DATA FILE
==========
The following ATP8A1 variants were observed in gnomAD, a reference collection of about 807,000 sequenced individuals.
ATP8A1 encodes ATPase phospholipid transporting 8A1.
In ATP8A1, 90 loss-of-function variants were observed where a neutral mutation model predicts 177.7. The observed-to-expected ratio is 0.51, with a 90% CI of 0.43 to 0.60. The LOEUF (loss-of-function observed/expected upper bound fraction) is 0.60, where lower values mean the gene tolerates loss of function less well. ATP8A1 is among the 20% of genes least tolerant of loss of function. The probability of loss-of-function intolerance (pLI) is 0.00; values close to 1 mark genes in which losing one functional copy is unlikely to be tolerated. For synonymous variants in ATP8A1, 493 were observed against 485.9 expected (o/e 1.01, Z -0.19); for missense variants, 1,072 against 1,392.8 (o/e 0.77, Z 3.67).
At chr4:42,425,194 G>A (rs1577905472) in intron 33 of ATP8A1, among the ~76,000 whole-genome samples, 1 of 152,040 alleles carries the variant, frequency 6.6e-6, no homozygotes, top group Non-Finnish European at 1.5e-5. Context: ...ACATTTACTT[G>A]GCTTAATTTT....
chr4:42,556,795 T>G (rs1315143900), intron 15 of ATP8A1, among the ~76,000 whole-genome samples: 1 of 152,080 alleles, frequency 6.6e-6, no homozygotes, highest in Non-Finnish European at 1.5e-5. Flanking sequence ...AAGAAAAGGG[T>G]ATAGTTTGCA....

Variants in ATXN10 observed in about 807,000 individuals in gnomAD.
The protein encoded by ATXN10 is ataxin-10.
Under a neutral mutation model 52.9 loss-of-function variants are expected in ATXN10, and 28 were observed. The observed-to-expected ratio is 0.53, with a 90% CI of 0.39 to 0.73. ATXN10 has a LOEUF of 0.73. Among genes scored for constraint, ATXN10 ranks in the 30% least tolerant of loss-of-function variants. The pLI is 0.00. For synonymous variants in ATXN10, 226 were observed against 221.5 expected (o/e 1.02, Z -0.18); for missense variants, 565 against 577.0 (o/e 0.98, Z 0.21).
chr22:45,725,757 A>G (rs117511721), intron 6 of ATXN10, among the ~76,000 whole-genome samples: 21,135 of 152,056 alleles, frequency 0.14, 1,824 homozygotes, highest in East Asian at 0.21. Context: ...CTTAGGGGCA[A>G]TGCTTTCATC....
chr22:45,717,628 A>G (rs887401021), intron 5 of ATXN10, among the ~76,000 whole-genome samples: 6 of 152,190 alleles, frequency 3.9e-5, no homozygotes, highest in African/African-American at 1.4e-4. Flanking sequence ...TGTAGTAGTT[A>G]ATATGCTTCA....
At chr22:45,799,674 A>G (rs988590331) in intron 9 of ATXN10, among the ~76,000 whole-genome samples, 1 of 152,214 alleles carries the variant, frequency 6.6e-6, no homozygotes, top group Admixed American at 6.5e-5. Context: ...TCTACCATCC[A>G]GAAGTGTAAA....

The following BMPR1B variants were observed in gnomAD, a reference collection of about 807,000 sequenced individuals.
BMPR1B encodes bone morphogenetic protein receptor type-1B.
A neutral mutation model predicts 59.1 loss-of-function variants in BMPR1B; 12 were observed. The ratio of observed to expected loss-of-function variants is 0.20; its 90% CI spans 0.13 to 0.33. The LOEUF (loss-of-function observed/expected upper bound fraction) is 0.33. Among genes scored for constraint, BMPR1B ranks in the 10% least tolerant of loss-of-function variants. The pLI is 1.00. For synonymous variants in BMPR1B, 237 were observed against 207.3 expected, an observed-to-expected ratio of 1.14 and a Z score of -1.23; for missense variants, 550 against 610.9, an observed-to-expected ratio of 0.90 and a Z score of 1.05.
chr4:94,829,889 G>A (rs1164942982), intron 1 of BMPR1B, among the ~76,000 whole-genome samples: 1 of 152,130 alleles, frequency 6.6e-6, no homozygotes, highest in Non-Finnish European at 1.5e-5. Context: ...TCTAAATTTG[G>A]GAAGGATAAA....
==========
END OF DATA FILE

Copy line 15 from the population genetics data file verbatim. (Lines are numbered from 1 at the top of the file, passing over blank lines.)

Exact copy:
chr4:94,829,889 G>A (rs1164942982), intron 1 of BMPR1B, among the ~76,000 whole-genome samples: 1 of 152,130 alleles, frequency 6.6e-6, no homozygotes, highest in Non-Finnish European at 1.5e-5. Context: ...TCTAAATTTG[G>A]GAAGGATAAA....